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Zanesville, Ohio Town Copes With Dozens Of Exotic Animals Set Loose, Killed

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Killing scores of exotic animals after they were set free from a farm in Zanesville, Ohio on Tuesday night was the right thing to do, according to Director Emeritus of Columbus Zoo Jack Hanna.

Terry Thompson, the owner of Muskingum County Animal Farm in Ohio, set free the animals before committing suicide, the Associated Press reports. Nearly 50 animals on the loose, including lions, bears, monkeys, and 18 rare bengal tigers, were hunted down by officers.

Hanna said during a Wednesday afternoon press conference that the officers who had to kill the animals were struggling with what they had to do. He said, "Going home and saying to their kids they had to shoot a tiger, one of the rarest animals in the world, I wouldn't want to be one of these guys, having to tell my kids."

The IUCN Red List of Threatened Species estimates there are fewer than 2,500 Bengal tigers left in the wild as of 2010, due in large part to poaching and habitat loss.

In an interview with MSNBC following the press conference, he said, "We did the right thing. I think the sheriff did the right thing. Obviously the loss of animal life is tragic but what happened, happened."

At the Wednesday press conference, Muskingum County Sheriff Matt Lutz said 49 animals had been killed, and a monkey possibly infected with herpes B virus was still on the loose. He said there were a total of 56 animals kept on the farm.

Center for International Policy's Glenn Hurowitz wrote on his HuffPost blog about the "wildlife slaughter": "Police too often respond to one complaint with a hail of bullets - even when it's native wildlife like black bears, wolves or mountain lions. This is especially true in areas where predators were exterminated decades past, but are now migrating in from other areas."

He added: "Lethal measures should only be used as a last resort - and especially in cases like this, where police are dealing with highly endangered animals like tigers (3,000 left in the wild) and lions (just 23,000)."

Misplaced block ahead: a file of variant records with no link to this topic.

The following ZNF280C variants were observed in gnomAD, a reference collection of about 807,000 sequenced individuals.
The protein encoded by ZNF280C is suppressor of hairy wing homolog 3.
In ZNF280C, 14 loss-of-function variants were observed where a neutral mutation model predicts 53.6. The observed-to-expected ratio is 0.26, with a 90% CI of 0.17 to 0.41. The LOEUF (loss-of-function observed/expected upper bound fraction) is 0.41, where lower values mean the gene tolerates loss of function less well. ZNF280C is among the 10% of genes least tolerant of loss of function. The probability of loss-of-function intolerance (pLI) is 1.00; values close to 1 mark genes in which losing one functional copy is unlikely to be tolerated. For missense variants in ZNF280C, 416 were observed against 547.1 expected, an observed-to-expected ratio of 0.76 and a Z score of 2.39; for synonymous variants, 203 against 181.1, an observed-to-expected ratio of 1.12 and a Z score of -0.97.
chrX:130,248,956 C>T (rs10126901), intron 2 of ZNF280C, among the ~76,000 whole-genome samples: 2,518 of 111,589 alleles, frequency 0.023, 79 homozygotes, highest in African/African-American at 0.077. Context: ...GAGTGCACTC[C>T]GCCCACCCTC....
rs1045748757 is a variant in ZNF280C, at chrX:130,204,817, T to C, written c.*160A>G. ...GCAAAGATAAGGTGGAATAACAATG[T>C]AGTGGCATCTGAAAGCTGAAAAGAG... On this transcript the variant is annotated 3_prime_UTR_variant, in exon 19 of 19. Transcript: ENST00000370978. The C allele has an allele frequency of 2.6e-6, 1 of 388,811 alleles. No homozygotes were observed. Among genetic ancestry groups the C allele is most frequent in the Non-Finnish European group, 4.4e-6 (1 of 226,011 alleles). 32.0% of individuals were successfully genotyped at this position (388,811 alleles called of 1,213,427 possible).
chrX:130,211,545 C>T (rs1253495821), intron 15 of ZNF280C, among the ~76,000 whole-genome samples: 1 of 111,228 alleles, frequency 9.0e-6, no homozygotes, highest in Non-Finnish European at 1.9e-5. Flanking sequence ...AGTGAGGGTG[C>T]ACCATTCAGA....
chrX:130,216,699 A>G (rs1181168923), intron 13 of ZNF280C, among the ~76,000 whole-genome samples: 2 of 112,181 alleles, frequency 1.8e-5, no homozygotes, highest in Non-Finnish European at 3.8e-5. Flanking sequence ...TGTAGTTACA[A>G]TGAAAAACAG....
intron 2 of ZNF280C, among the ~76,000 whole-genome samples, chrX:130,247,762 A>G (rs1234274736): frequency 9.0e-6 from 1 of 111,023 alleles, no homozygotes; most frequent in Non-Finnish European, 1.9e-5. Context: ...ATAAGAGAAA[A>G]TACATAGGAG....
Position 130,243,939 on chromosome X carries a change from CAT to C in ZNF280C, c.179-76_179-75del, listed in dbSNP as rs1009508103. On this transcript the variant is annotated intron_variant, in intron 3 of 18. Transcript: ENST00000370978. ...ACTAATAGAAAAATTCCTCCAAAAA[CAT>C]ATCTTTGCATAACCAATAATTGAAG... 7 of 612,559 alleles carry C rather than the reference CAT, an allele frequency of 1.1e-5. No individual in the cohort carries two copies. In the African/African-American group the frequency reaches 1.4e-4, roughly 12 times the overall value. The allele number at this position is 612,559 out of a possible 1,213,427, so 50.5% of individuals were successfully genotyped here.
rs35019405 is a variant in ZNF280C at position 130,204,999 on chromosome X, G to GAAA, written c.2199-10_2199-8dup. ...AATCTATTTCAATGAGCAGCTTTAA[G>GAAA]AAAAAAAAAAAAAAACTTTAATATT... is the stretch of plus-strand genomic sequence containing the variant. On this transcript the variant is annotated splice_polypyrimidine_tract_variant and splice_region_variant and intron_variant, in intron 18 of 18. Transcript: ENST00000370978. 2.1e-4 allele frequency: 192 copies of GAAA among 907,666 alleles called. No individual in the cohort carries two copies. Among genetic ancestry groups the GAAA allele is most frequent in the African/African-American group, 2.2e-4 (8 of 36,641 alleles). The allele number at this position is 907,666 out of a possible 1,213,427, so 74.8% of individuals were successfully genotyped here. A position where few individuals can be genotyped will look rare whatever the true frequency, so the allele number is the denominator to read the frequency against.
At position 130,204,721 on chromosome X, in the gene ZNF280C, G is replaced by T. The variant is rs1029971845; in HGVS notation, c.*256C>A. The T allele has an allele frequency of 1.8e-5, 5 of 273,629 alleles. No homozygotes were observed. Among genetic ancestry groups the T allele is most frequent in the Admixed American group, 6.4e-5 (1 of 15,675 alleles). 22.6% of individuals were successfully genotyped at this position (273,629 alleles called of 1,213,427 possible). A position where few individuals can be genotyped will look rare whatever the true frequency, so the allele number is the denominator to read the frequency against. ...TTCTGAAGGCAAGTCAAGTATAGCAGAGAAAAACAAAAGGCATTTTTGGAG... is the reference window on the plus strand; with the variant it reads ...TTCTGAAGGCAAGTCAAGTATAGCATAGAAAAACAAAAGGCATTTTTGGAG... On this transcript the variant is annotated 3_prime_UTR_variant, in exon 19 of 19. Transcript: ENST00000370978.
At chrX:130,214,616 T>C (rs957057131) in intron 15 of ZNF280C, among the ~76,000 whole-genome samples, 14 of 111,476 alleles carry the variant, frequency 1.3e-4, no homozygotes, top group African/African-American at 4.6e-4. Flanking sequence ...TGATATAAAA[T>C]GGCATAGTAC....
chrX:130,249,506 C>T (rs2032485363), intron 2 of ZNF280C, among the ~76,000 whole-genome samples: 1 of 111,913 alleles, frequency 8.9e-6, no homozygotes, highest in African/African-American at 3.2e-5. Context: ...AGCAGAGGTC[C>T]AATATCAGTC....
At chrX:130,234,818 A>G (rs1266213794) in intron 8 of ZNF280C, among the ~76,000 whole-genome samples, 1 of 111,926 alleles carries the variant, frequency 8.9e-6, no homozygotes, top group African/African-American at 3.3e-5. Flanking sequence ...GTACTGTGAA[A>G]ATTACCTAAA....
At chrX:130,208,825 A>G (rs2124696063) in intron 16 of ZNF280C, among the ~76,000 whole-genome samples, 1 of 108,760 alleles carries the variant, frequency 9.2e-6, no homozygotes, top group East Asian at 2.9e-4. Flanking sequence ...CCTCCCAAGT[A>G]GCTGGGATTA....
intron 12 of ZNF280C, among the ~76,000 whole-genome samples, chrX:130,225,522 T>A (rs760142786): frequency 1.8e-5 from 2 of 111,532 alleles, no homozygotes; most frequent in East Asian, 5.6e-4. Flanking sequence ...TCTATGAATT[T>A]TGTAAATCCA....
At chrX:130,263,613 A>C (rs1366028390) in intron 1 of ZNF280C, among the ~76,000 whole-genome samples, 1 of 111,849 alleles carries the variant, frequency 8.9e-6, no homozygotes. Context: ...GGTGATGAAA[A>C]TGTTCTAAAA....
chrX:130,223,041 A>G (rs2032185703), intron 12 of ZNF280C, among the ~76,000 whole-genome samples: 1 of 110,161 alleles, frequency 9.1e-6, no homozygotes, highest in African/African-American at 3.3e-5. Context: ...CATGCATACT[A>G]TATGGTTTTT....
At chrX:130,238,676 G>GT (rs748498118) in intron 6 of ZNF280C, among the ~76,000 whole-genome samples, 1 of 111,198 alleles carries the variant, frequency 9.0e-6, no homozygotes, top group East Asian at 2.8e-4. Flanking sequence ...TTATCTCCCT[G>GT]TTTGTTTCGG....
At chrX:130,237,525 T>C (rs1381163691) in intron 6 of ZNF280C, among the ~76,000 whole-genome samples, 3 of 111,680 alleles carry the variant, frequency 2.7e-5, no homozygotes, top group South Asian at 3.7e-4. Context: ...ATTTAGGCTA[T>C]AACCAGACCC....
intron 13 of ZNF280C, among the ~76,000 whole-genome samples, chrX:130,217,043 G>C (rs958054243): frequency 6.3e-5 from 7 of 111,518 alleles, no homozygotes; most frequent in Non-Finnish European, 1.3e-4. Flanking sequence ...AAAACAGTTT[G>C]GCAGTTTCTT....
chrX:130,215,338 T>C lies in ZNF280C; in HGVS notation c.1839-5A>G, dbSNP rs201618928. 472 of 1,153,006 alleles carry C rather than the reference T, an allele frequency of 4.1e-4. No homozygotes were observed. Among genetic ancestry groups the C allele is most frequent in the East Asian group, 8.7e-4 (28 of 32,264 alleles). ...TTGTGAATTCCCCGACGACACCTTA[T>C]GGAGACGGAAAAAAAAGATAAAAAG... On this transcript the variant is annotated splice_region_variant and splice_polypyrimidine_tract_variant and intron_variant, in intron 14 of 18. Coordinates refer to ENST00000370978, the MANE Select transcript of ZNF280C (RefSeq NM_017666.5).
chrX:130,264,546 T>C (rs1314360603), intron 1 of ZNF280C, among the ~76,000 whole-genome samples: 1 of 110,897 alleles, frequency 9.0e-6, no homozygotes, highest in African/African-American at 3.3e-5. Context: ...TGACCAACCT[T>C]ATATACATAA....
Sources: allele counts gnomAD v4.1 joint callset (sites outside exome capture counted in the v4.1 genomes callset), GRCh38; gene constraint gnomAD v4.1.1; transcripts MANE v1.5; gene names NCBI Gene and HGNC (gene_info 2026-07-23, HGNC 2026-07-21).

"We are not talking about your normal everyday house cat or dog," Lutz said, according to CNN. "These are 300-pound Bengal tigers that we have had to put down. "When we got here, obviously, public safety was my number one concern. We could not have animals running loose in this county," he said.

USA Today reported Lutz said deputies did not have tranquilizer guns. "Deputies were shooting animals at close range with sidearms," he said.

"We found a mature adult bengal tiger in some brush… this veterinarian got very very close and tried to tranquilize this thing. I think we hit it, but as we did, it got up, showed very aggressive behavior towards her, then turned and started going away from her," Lutz said at the press conference. He added that because they did not know for sure if the animal had been properly hit with the tranquilizer and may have got away, they "did not want to take any chances and shot it."

According to CNN, in nearby Licking County, Sheriff Randy Thorp said the county SWAT team had been activated and equipped with night vision equipment and "necessary weapons."

WKYC-TV reports that Hanna said: "The main thing is we have a couple animal auctions in the state of Ohio that have to be shut down. It's like a drug dealer. You finally get the drugs and, you know, then the man gets the animals. So where's the source of these animals coming from? That has to be stopped and if the governor wants me involved, we will stop these animal auctions and stop it immediately. It has to be done. This is an example here. What happened here should not happen again."

CNN reports that Thompson was cited in the past for animal abuse and neglect.

Hanna said in the MSNBC interview that three leopards, some monkeys and a young grizzly had been taken to Columbus zoo until it could be figured out what to legally do with them.

MSNBC writes: "Animal-welfare groups say Ohio is notoriously lax when it comes to wild-animal ownership. It's one of fewer than 10 states that have no rules regulating the sale and ownership of exotic animals."

Delcianna Winders, Director of Captive Animal Law Enforcement at PETA told HuffPost: "This is a tragic example of how things can go very wrong when people are allowed to keep exotic animals." She added, "Animals always pay the price and [this situation] is a perfect example of this."

She said PETA hopes it will be "a wake up call to the governor" to tighten legislation on keeping exotic animals.

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